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HER Number:MDV11743
Name:Bloody Corner, Northam


Supposed site of a battle between Danes and Saxons in AD 878. Recent research suggests a later battle between Harold and Brian son of Eudo in 1069.


Grid Reference:SS 454 292
Map Sheet:SS42NE
Admin AreaDevon
Civil ParishNortham
Ecclesiastical ParishNORTHAM

Protected Status: none recorded

Other References/Statuses

  • Old DCC SMR Ref: SS42NE/31

Monument Type(s) and Dates

  • BATTLEFIELD (VIII to Late Medieval - 701 AD to 1539 AD)

Full description

Arnold, N., The Defeat of the Sons of Harold in 1069 (Article in Serial). SDV358035.

In June 1069 two sons of the slain King Harold raided Devon with a fleet of at least sixty-four ships. The raid ended in complete defeat. In the course of two battles fought in a single day, the raiders lost most of their army. Conflicting locations for these events offered by the Anglo-Saxon Chronicle and Orderic Vitalis have hampered any reconstruction of the raid or an appreciation of its significance. However close study of the sources and the estuary of the Taw and Torridge suggests that Northam in north Devon was the most likely battlefield.

Risdon, T., 1811, Choreographical Description or Survey of the County of Devon, 424-425 (Monograph). SDV20653.

Risdon refers to the victory of the Earl of Devon over the Danish during the reign of King Alfred and that the Danish entrenchments and the way they took back to their shops can still be seen. The Danish though rallied during their retreat, and checked their assailants pursuit in a desperate stand at a site now known as 'bloody corner'.

Ordnance Survey, 1932/1938, 12SW (Cartographic). SDV12744.

Supposed site of a battle between the Danes and the Saxons, (AD 878.)

Rogers, I., 1938, A Concise History of Bideford (Monograph). SDV360460.

It is inferred that bones found at the location of Bloody Corner during road works in 1906 may be associated with the slaying of Hubba in 878.
During the winter of this year Hingwar and Hubba coming out of South Wales with their Danish Followers landed at Appledore from 23 ships and laid siege to Bideford. Oddune the Ealderman of Devon alarmed at this invasion fled with his followers to the Castle of Kenwith. He made a sudden sally on the Danes and defeated them. The danes made a stand at Bloody Corner, Northam where Hubba was slain and the 'Raven' standard captured. He was buried on the shore near his ships.

Rogers, I., 1948, The Invasion of North Devon by Hubba the Dane, 119-126 (Article in Serial). SDV12738.

Hubbe the Dane, forced to retreat towards his fleet at Appledore was overtaken by the Saxon army at Bloody Corner where he was defeated and killed. Human remains and coins have been found at Bloody Corner and an ancient iron axe was dug up in the vicinity. Coins have since disappeared. A tablet recording the defeat of the Danes was fixed to the wall in 1890 but the date ascribed to the battle (AD 892) is inaccurate.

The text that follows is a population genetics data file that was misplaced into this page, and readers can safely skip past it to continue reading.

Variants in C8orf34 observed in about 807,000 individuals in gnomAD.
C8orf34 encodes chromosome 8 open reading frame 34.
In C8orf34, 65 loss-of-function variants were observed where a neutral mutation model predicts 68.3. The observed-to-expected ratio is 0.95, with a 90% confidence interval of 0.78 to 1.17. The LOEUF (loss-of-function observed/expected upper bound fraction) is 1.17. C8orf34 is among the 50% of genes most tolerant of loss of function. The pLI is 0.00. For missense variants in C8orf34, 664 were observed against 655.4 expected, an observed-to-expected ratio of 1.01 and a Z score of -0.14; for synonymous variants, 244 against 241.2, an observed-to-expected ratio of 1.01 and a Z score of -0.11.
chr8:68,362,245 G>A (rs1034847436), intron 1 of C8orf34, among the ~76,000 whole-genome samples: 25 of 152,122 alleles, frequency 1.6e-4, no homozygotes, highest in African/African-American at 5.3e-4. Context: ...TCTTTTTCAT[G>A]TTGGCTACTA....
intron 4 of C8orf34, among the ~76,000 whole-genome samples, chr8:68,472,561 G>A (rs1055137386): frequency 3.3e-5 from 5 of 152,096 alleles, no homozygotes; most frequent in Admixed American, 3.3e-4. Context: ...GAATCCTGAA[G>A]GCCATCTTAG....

Hoskins, W. G., 1954, A New Survey of England: Devon, 445 (Monograph). SDV17562.

There is no authority for identifying this site with the battle of AD 878.

Grinsell, L. V., 1970, The Barrows of North Devon, 98 (Article in Serial). SDV7849.

Twelfth century writer Geoffrey Gaimar stated that the brother of Ivar and Halfdene who sailed from South Wales in the winter of 877/8 and landed in Devon, presumably North Devon, was Ubba or Hubba. He goes on to say that he was killed there and was buried in a cairn not far away. Assuming that the site is in North Devon, there appear to be three sites which merit discussion. The supposed Hubba Stone between Bideford and Appledore is the creation of early antiquaries, particularly R.S. Vidal at the beginning of the 19th century, and can in the writers opinion be rejected. There are no know barrows anywhere near the great earthwork on Wind Hill above Countisbury, now identified by normally reliable authorities as the probable site of the battle. The present writer suggests that another possible site for the battle is Clovelly Dykes, a quarter-mile to the west od which is a barrow CLOVELLY 1 which would fit Geoffrey Gaimer's description. That is a roughly circular barrow. Hubba could have been buried in a round barrow or on an oval ship-barrow of Viking type. Another possibility is the barrow at Gallantry Bower (CLOVELLY 2).

Arnold, N., 2015, Request to update HER Monument MDV11743, Northam (Correspondence). SDV358036.

Recent research indicates the battle of AD 878 did not take place in this location, but instead shows it may have been the battle between the sons of Harold and Brian, son of Eudo, which took place in 1069 (Please see SVD358035).

Gore, D., 2016, Bloody Corner, Northam (Correspondence). SDV360461.

The Anglo-Saxon Chronicle's account of AD 1069, when the sons of Harold I (HER edit – should be Harold Godwinson/ Harold ii) brought a mercenary army of Irish ships and men to the South-West. It is unknown precisely why they came. Harold's family estates in the south-west were considerable. His sons led expeditions here in 1068 and 1069.
ASC gives the following about the 1069 expedition: 'Towards midsummer the sons of Harold came from Ireland with 64 ships into the mouth of the Taw, and went up there carelessly. And Earl Brian came against them by surprise, with no little company, and fought against them, and killed all the best men who were in the fleet; and the others, with little company, fled to the ships. And Harold's sons went back again to Ireland.'
There is no mention of a specific battlefield, although a case for a site at Northam has been made (Arnold, 2015).